Interesting cetacean story: Vol 1
Here’s a interesting little story about a young 9 year old captive female orca called Bjossa who lived at the Vancouver Aquarium. She lived with an 18 year old male called Hyak and 6 year old male Finna.
For some reason, Bjossa never really bonded with the other two whales in the tank, maybe due to the unnatural social structure of not having an older dominant female to take control.
The two males got along well and would regularly play together, leaving Bjossa to herself much of the time. So she befriended the sea gulls who would hang around the pool, hoping to get some free fish.
At the end of a show, the trainers would feed the whales whatever was left in the food buckets. Keeping these fish in her mouth, she would swim to the edge of the pool and open her mouth and allow many birds to take the fish directly from her mouth.
Sometimes between shows, if she didn’t have any fish, she would open her mouth and allow the birds to peck at her mouth and tongue, sometimes to the point where it would bleed and she would require veterinary attention.
Over time, she developed another feeding game where she would hover about a meter underwater and the gulls would dive under to take food from her mouth. She would spend a lot of time spyhoping to keep an eye on where ‘her’ birds were.
The birds could tell the three whales apart and would fly away whenever the two males tried approaching them.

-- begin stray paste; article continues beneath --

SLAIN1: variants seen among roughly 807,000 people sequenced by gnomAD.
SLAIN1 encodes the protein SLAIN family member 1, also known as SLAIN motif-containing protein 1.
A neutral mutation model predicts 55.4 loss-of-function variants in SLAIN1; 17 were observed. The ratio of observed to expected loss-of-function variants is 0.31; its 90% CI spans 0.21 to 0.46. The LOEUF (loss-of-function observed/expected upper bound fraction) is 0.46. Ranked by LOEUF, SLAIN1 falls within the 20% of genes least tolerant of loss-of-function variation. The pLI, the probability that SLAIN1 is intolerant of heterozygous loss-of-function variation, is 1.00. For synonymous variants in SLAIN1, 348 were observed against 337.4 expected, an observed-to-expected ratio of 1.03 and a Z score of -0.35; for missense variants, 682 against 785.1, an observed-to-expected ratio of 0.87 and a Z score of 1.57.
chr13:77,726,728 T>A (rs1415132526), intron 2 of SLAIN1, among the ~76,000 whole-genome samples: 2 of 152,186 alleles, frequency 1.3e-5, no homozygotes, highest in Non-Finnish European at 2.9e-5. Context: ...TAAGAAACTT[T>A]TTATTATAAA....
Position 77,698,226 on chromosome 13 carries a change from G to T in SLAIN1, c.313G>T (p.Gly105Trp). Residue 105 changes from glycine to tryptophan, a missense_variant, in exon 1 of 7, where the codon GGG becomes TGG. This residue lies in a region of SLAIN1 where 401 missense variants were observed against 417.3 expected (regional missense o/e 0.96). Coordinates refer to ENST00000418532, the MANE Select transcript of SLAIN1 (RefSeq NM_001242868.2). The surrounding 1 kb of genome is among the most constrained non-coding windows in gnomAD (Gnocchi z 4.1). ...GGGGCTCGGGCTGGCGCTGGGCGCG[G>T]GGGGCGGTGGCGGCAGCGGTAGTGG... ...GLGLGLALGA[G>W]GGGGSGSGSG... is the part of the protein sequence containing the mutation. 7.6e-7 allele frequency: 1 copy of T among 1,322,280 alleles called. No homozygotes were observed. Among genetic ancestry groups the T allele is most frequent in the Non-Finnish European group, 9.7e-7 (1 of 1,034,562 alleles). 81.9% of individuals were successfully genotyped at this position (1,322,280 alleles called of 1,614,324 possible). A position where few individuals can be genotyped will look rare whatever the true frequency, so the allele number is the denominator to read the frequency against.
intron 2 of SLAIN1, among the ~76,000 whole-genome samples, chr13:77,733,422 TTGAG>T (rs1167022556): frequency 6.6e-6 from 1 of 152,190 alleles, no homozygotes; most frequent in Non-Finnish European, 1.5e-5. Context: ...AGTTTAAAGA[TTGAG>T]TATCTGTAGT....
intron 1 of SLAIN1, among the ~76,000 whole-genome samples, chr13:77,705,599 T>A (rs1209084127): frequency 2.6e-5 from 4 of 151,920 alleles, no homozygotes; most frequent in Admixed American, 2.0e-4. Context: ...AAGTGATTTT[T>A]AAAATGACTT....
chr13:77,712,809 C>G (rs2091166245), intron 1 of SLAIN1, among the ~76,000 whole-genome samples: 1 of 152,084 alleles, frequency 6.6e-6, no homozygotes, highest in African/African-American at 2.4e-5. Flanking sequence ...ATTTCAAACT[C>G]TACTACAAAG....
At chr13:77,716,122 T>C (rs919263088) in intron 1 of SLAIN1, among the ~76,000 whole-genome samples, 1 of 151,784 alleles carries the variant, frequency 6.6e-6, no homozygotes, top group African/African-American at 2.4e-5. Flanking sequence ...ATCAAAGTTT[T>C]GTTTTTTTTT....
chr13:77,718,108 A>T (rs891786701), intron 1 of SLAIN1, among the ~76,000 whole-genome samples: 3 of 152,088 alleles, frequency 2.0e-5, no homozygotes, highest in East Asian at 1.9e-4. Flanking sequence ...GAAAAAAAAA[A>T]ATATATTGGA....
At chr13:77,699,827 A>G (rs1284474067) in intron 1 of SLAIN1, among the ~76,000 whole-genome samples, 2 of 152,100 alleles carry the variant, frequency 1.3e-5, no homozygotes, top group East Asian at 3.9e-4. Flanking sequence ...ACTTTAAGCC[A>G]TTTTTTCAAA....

A quote from a study on her behavior said -
“Although the gulls’ reward is obvious, that to the whale is not. It is possible, however, that the gulls are an important source of “entertainment” for Bjossa. Captive animals live in restricted environments and thus are unable to exhibit the full range of their behavioral repertories In some cases, this may lead to novel forms of “self-amusement.” For example, there are many accounts of captive dolphins “playing” with other species that share their enclosures, including birds, turtles, fish, and other cetaceans. In Bjossa’s case, the “need” for alternative forms of behavioral stimulation may have been accentuated owing to social factors within the group.Perhaps the best analogue to the whale-gull interactions as described here is the relationship between humans and their pets”
Source - Killer Whale Shares Food With Gulls at the Vancouver Public Aquarium. Charles Nordquist and Michael Hutchins. Department of Psychology, Animal Behavior Program, University of Washington, Seattle. 1985.